This is a cleaned-up version of the oft-discussed[1] concept that "git
pull origin master" should update "refs/remotes/origin/master".

It is a little bit of a risky change, in that anybody who deeply cares
about when their tracking ref branches are updated would be impacted.
But I think the general consensus is that while you can come up with a
hypothetical use case, the logic is quite tortured, and you could
accomplish the same thing by keeping a local branch. Most people seem to
have the mental model that remote tracking branches are basically a
cache for what's on the remote, updated opportunistically as

  [1/4]: t5510: start tracking-ref tests from a known state
  [2/4]: fetch/pull doc: untangle meaning of bare <ref>
  [3/4]: refactor "ref->merge" flag
  [4/4]: fetch: opportunistically update tracking refs

The final patch is the moral equivalent of the patch I've posted before
when this topic comes up (and referenced in the threads below). But that
patch did not take care not to write duplicate (mergable!) entries into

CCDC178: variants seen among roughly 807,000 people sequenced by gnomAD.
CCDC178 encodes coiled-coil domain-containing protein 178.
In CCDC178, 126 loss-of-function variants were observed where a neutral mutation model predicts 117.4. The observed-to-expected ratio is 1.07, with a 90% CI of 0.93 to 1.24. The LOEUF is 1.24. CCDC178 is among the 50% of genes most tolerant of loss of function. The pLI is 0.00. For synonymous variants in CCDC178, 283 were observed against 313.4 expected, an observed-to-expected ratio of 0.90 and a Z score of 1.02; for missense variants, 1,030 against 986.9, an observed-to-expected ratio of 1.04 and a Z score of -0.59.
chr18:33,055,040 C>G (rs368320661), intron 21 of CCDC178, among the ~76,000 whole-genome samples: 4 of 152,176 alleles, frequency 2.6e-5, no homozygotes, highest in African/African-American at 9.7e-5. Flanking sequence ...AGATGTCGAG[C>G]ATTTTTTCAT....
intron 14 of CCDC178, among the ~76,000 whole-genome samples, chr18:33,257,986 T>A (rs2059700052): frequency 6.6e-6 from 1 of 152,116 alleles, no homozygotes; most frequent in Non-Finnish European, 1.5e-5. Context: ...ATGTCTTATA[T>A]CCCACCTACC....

FETCH_HEAD, leading to great confusion from git-pull.  This series deals
with that, and takes care to write the exact same FETCH_HEAD we would
have written before the series.

However, Jonathan raised an interesting question: what is the point of
not-for-merge entries at all? We are not going to merge them, so none of
the pull/merge machinery cares about them. We do not consider extra
entries in FETCH_HEAD for reachability or anything like that. Is there
anybody who reads them?

If we do not care about them, we can simplify this much further, and
either write the duplicates as not-for-merge, or even omit not-for-merge
entries entirely. However, it is possible that some third-party scripts
process FETCH_HEAD, so I took the conservative route.

Note that this patch is as greedy as possible[2]; whenever we see the
LHS is fetched, we update the RHS side, even if the user did:

  git fetch origin master:foobar

Some of the discussions below argue that the behavior should not kick in
for such a case. I am not sure I agree (and argue against it in those
discussions). I think at this point that is the only potentially
contentious item.


[1] Past discussions:
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